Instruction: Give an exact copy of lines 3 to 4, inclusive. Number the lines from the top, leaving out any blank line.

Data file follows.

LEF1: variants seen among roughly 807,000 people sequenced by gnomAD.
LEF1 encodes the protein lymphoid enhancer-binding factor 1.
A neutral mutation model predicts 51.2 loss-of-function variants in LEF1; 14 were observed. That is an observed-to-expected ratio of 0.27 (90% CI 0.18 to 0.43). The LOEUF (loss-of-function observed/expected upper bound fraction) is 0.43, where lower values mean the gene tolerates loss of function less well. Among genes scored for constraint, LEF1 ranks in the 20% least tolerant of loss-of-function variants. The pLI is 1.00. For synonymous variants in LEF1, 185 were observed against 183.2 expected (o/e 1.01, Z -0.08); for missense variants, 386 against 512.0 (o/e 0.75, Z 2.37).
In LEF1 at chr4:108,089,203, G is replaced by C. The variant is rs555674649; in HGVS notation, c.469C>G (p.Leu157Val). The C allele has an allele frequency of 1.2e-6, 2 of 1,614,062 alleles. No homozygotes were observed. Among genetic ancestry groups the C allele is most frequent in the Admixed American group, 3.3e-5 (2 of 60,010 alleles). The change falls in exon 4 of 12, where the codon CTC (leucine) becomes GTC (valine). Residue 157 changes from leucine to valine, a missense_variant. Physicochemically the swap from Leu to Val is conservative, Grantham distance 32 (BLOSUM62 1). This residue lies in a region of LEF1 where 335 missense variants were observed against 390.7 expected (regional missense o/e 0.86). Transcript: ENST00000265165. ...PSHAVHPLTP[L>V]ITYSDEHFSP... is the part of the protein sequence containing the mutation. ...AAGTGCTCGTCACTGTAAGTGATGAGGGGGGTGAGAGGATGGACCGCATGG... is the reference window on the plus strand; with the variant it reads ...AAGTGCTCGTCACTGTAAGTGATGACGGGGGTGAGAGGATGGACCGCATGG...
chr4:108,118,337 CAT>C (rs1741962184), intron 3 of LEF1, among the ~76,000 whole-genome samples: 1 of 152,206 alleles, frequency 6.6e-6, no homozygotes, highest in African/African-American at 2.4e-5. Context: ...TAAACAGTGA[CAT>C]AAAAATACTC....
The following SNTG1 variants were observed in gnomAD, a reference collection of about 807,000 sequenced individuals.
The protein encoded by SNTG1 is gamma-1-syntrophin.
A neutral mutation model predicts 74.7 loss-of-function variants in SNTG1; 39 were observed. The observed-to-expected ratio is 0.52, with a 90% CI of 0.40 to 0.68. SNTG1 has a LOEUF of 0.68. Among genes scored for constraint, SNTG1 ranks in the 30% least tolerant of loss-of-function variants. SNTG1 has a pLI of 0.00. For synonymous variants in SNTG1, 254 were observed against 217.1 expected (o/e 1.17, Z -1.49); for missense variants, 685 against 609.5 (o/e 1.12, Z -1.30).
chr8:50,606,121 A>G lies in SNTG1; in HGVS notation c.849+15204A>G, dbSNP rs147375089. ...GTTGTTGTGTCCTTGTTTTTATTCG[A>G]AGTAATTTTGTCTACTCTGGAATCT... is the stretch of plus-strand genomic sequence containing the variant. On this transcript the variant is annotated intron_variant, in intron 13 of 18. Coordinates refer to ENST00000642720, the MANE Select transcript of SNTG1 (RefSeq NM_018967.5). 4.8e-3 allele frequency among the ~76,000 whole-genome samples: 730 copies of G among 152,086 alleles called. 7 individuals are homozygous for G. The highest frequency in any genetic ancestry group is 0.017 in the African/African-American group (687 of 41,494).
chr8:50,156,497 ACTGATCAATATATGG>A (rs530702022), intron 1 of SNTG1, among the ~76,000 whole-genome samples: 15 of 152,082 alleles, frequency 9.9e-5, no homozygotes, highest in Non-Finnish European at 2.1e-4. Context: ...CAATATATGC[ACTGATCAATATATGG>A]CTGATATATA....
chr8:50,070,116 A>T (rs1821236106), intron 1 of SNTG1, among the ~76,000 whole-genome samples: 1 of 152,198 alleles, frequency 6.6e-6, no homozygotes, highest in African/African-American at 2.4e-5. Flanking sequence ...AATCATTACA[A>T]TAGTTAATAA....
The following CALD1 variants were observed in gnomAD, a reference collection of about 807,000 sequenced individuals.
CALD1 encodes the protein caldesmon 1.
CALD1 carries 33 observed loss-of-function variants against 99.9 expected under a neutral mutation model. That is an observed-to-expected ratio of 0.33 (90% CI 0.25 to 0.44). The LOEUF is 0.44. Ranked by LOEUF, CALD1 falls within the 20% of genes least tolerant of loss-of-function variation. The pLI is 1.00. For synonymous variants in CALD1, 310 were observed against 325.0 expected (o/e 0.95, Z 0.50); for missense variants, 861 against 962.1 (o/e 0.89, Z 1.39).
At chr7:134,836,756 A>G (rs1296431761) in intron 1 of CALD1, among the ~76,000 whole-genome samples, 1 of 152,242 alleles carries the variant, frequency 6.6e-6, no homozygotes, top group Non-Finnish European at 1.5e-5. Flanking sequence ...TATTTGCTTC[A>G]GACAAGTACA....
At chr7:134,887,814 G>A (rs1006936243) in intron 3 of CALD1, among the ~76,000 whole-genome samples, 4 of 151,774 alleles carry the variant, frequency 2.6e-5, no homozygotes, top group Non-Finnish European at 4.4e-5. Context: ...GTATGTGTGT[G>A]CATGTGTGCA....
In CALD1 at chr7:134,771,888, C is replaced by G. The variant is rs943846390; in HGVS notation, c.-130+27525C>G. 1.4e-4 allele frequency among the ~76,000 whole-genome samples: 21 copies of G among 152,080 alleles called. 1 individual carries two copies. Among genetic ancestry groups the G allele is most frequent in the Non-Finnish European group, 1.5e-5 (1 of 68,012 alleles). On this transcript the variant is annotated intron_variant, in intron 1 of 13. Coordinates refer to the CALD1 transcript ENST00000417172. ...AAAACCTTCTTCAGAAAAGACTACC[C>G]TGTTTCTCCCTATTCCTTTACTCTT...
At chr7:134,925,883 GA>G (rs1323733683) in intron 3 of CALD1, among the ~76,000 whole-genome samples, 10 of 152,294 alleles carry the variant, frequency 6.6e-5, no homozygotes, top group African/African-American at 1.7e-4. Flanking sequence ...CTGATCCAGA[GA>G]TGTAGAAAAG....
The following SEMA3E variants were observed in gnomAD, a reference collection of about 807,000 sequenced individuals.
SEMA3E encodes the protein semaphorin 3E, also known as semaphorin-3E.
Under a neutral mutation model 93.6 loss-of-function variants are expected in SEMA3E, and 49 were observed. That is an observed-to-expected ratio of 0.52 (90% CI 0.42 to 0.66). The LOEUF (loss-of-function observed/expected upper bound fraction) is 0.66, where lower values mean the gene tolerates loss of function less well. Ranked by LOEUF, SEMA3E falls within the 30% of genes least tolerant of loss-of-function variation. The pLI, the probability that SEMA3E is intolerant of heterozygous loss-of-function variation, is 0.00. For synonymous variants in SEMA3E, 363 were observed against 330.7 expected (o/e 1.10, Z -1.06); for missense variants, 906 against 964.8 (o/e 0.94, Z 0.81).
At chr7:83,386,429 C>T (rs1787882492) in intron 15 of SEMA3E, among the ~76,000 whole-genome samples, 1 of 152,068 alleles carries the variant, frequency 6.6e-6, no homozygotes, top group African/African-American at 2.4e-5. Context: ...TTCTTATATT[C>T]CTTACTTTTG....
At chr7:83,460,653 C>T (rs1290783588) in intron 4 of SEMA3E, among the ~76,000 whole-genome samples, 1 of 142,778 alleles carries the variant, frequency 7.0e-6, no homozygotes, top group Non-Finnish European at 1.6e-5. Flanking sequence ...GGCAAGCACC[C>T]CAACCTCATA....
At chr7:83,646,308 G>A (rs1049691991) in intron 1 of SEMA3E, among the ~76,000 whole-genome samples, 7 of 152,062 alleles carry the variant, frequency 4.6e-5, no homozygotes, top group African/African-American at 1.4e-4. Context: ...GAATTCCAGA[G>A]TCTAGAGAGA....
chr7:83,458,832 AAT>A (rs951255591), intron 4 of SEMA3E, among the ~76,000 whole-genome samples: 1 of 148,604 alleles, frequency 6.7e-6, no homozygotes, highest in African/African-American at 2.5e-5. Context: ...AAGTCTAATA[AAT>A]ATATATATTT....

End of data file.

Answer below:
A neutral mutation model predicts 51.2 loss-of-function variants in LEF1; 14 were observed. That is an observed-to-expected ratio of 0.27 (90% CI 0.18 to 0.43). The LOEUF (loss-of-function observed/expected upper bound fraction) is 0.43, where lower values mean the gene tolerates loss of function less well. Among genes scored for constraint, LEF1 ranks in the 20% least tolerant of loss-of-function variants. The pLI is 1.00. For synonymous variants in LEF1, 185 were observed against 183.2 expected (o/e 1.01, Z -0.08); for missense variants, 386 against 512.0 (o/e 0.75, Z 2.37).
In LEF1 at chr4:108,089,203, G is replaced by C. The variant is rs555674649; in HGVS notation, c.469C>G (p.Leu157Val). The C allele has an allele frequency of 1.2e-6, 2 of 1,614,062 alleles. No homozygotes were observed. Among genetic ancestry groups the C allele is most frequent in the Admixed American group, 3.3e-5 (2 of 60,010 alleles). The change falls in exon 4 of 12, where the codon CTC (leucine) becomes GTC (valine). Residue 157 changes from leucine to valine, a missense_variant. Physicochemically the swap from Leu to Val is conservative, Grantham distance 32 (BLOSUM62 1). This residue lies in a region of LEF1 where 335 missense variants were observed against 390.7 expected (regional missense o/e 0.86). Transcript: ENST00000265165. ...PSHAVHPLTP[L>V]ITYSDEHFSP... is the part of the protein sequence containing the mutation. ...AAGTGCTCGTCACTGTAAGTGATGAGGGGGGTGAGAGGATGGACCGCATGG... is the reference window on the plus strand; with the variant it reads ...AAGTGCTCGTCACTGTAAGTGATGACGGGGGTGAGAGGATGGACCGCATGG...